Jane Brower of Johnstown isn't making New Year's resolutions this year, or any year for that matter.
"They'll just get broken," she said with a smile.
While waiting on customers at Applebee's on Route 30A, Brower did admit she has made some changes in her holiday gift purchases this year, but it wasn't by choice. She said she had to cut back because the money just wasn't there.
The Leader-Herald/Richard Nilsen
Shelly Johnston serves biscotti at the Open Window on North Main Street in Gloversville Tuesday.
Others have made similar hard choices due to the difficult economy. According to a recent Associated Press story, frugality is making a comeback, with Americans showing an enthusiasm for thriftiness not seen in decades.
At the Fremont Street branch of NBT Bank in Gloversville, Amanda Buanno and Mandy Taggart were waiting on customers Tuesday with big holiday smiles, but their own plans in the difficult economic times ahead were not so sunny.
"I have a new baby to take care of," Taggart said. "My focus is on that."
She said she has seen many customers withdraw funds from savings plans because of poor returns and the stock market downturn, but said the bank's financial advisor said people should look long term and not do anything precipitous.
At Stewart's Shop in Meco, Bob Becker said there was little anyone could do in the difficult economy.
"What can you do but suffer through it," he asked Tuesday. "When gas goes up, you pay more. When gas goes down you pay less. Either way, you need the gas to get around."
Anna Lanphere was shopping at the Open Window in Gloversville Tuesday, and said she had been thrifty through the year so she could shop and have a normal holiday season.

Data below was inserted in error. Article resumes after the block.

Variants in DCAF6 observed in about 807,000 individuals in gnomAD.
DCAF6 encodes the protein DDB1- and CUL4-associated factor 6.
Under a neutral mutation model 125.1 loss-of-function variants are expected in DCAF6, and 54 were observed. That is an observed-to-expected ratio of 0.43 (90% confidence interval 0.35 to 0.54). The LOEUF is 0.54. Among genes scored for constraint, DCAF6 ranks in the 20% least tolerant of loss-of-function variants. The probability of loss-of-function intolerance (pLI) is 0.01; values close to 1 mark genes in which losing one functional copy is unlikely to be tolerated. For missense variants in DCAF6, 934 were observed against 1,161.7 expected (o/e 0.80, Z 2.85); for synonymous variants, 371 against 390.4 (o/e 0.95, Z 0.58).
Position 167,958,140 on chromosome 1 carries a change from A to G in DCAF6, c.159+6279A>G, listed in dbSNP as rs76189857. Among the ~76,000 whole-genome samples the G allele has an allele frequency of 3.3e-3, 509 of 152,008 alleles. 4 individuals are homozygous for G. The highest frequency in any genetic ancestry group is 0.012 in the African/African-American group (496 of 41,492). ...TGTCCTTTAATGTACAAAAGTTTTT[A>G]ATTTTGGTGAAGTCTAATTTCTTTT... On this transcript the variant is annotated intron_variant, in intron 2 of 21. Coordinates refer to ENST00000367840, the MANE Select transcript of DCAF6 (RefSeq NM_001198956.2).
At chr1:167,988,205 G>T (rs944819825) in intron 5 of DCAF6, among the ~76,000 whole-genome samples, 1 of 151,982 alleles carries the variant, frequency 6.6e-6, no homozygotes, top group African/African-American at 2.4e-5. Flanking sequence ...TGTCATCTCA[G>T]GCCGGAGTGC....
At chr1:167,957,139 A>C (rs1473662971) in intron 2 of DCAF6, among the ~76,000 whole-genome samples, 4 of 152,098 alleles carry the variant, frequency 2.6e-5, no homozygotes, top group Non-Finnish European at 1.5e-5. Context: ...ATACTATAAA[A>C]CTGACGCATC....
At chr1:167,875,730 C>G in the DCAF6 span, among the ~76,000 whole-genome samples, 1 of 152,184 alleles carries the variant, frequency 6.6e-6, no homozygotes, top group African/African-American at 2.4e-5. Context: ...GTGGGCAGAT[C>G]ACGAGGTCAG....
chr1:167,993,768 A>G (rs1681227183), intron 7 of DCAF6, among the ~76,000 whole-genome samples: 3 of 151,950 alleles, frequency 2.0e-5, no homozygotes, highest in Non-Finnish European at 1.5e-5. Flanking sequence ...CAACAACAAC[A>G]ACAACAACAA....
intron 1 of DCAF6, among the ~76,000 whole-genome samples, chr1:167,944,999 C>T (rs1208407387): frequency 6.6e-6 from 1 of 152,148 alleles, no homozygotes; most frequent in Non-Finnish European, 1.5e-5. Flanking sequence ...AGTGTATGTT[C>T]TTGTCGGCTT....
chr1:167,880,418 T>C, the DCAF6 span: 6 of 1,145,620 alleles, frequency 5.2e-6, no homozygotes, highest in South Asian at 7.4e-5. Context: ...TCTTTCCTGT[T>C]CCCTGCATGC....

"There's been no crash in the economy locally," she said. "I have a job, heat and a roof over my head. I look forward to the holidays all year and expect we will have a normal holiday with the normal amount of gift giving."
She laughed and said she may be the wrong one to talk to about being frugal in the New Year. She said she is pretty much ignoring the economic woes.
"I think people in Fulton County are used to things being difficult," she said. "The downturn hasn't really changed things that much for us."
Co-owner Shelly Johnston at the Open Window said she had been careful about not buying too much stock for the holiday and so far her approach seemed to be correct.
"We won't get stuck with a lot of overstock after the holidays," she said.
She and her husband Bud have looked over sales at the store and calculated where to put their investment and efforts.
"Gift sales are down, but the coffee and snacks area has been steady," she said. "So we may expand in that area."
"Steady as she goes" was also the watch word with Mary DePasquale at the Red Store in Caroga Lake.
"Right now, if you have a job, even if you aren't thrilled with it, it's best to keep it," she said. "Now is a bad time to go job shopping."
DePasquale said she has a tendency to always be looking in the want ads for job possibilities and recently has wondered what happened to the pages of Help Wanted ads she usually saw advertised in the newspapers.
"They just aren't there," she said. "So if you've got a job, better hang onto it."
Richard Nilsen is a general assignment reporter and can be reached at firstname.lastname@example.org.